I didn’t meditate on anything in particular. That sort of time is not meant for productivity, but refreshment. When I got home, Bernardo was sorry that I’d spent so much time in traffic. But I didn’t mind. I was shedding my work skin, and it would have taken a little longer anyway. At least this way, when I got home, I had left the job behind me for the weekend.

What Darth Vader is Really For



Rick Smith, who (a) manages the MyIdentifiers and other platforms at Bowker (b) works next to me (c) is the other person in my foxhole…put this on the wall between our desks.

Because of this sign at my desk:



Check your kittens.


Brian O’Leary had a fantastic post yesterday about book piracy and the ongoing insistence that it’s a categorically bad thing. The fact is, no one has any idea whether or not it’s a bad thing because only one publishing company in the history of publishing or companies has ever agreed to empirically test that assertion.

One is not a statistical sample.

Brian’s post was based on coverage of a session at DBW last week. One of the comments to that coverage came from Marion Gropen, a consultant to authors looking to “profit from your publishing.” Gropen says,

And the discussion about whether or not it hurts sales is utterly not the point. You can’t take anything else I own even if you think it would be in my best interest. The issue is control, not results.

I think Gropen has hit upon something absolutely critical when she says, “The issue is control.”

Traditionally, modern publishing has been tightly controlled for most of its existence. Publishers contracted with authors (with the help of agents), packaged manuscripts into books, and distributed those books to many disparate retailers. Publishers rarely interacted with their ultimate audience – they were strictly B2B.

The web has disrupted this significantly. The means of production and distribution are now in the hands of…anybody who cares to learn how they work. Tim Berners-Lee, on the stand a year ago in a patent trial in Texas, had the following exchange with Jennifer Doan, an attorney representing defendants Yahoo and Amazon:

After describing how Berners-Lee worked at CERN in Switzerland back in the 1980s, Doan moved on to the web. When Berners-Lee invented the web, did he apply for a patent on it, Doan asked.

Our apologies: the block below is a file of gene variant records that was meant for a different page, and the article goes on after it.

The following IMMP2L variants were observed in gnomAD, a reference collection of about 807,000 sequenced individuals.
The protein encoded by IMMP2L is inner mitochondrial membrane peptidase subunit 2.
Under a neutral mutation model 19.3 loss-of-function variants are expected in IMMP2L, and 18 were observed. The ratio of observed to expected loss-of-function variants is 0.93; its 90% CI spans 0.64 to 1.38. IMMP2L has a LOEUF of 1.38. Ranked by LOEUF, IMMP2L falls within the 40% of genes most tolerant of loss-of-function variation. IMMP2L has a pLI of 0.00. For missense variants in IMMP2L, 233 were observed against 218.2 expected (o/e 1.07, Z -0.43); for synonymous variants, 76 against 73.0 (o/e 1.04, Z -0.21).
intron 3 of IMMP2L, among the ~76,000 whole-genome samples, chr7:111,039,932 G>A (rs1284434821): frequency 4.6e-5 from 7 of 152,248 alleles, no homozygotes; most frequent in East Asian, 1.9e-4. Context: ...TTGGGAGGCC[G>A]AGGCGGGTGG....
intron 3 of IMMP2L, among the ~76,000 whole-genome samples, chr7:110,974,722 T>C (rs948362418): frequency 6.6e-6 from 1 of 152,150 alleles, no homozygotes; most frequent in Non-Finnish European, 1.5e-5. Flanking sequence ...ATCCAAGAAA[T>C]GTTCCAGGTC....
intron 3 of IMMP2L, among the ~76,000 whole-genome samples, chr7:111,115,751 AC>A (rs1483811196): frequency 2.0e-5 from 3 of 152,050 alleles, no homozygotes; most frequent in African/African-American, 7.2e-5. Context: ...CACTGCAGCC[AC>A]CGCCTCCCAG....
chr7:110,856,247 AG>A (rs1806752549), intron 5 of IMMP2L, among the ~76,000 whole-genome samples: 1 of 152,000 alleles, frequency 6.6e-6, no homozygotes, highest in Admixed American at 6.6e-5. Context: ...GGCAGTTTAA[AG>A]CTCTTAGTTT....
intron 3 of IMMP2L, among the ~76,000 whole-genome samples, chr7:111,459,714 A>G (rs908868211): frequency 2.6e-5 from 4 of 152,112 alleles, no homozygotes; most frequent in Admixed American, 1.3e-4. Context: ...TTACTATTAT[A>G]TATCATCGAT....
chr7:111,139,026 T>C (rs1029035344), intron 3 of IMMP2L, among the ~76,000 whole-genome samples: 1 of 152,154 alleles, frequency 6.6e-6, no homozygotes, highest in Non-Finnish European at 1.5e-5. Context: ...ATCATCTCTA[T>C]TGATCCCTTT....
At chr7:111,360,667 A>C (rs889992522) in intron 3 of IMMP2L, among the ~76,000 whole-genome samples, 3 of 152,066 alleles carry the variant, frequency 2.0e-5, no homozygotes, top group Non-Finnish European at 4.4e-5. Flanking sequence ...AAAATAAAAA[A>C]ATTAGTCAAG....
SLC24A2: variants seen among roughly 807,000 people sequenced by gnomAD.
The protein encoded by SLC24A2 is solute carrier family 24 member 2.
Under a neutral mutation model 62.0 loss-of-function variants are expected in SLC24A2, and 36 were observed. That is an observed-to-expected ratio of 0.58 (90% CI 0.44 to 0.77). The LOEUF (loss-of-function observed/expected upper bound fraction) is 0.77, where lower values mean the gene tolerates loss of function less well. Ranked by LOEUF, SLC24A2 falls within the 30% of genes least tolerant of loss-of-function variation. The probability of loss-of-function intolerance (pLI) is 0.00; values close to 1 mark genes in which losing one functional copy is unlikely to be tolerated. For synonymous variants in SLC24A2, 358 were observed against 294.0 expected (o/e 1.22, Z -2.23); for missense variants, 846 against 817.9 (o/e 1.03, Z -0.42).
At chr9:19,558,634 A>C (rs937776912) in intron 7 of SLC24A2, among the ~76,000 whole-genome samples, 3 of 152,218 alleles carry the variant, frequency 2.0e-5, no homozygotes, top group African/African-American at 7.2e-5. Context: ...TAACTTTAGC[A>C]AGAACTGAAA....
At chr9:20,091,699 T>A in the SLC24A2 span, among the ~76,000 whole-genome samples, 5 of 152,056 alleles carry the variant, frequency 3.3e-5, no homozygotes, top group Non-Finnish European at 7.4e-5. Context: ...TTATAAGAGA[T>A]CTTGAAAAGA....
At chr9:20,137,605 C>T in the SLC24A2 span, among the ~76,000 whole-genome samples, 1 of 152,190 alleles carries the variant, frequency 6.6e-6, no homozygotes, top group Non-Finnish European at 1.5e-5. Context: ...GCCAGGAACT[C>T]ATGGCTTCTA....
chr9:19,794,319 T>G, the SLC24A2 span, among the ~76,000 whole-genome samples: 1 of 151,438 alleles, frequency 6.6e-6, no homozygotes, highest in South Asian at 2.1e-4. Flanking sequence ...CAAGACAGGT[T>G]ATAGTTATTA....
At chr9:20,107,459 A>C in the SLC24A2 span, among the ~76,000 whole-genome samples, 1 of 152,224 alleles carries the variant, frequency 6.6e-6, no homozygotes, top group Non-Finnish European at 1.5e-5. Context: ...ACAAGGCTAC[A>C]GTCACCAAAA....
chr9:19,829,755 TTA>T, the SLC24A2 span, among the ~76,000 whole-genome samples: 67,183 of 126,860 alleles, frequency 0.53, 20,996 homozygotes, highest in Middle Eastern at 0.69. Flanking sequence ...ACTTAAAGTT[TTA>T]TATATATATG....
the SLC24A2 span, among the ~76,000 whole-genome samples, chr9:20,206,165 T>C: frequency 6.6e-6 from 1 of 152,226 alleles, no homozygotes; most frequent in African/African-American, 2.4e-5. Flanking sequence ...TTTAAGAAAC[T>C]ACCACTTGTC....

“No,” said Berners-Lee.

“Why not?” asked Doan.

“The internet was already around. I was taking hypertext, and it was around a long time too. I was taking stuff we knew how to do…. All I was doing was putting together bits that had been around for years in a particular combination to meet the needs that I have.”

Doan: “And who owns the web?”

Berners-Lee: “We do.”

We do. Just as Berners-Lee tweeted (on a Next cube, the machine on which he invented the Web) during the opening ceremony of the 2012 Summer Olympics, “This is for everyone.”

Which is an absolutely terrifying thought if you are a traditional publisher. If anyone can say anything about anything, everyone will. What’s “authoritative” or “curated” loses its place. And distribution of content can happen at ANY point in the publishing process – the bulk of illegal distribution to P2P sites seems to happen in the manuscript or production phase of publishing. In other words, the leak is coming from inside the house.

If traditional publishers can’t even control that much, they will never be able to control the larger issues of P2P sharing and even content creation. The web is, because of its textual nature, probably the single most disruptive force on traditional publishing. Already the voice of the critic has dissipated into the audience itself.

And the concept of “control” as we’ve always known it is shifting dramatically.

Adventures in Product Management

The thing I like best about product management is that it requires you to be a generalist. And I really like knowing something about everything.

But today it was brought home to me that managing product development in this day and age is very different than it was even six years ago.

In this instance, we’re scoping towards a moving target. An emerging standard, which hasn’t yet been adopted by anyone, the efficacy of which is dependent on how much data is in the system. The more data that pours in, the better (and faster) the results are. Which makes sense, but it is very hard to program logic around this, particularly transactional logic.

With standards, too, you are mostly working in a non-commercial environment. Revenue upside is difficult to predict.

I’m pretty comfortable with uncertainty, personally, but of course business doesn’t operate that way. I find myself in the position not of reassuring the team – that would be pointless, since there’s no reassurance to be had – but of helping everybody understand that we’re all feeling our way together. That requirements may well change on the fly, as we find out more.

Disrupting comfort zones is hard work; and we’re only going to have more of that as time goes on.

A thought on identifiers and books

In mid-March of 2006, NISO convened a roundtable of experts and thought leaders in digital resources, at the National Library of Medicine in Bethesda, Maryland. The goal of this meeting was to establish some consensus around the use of identifiers for text, video, music, and other media in the digital realm. In breakout discussions, three characteristics of an identifier were ultimately defined: granularity, semantic opacity, and persistence.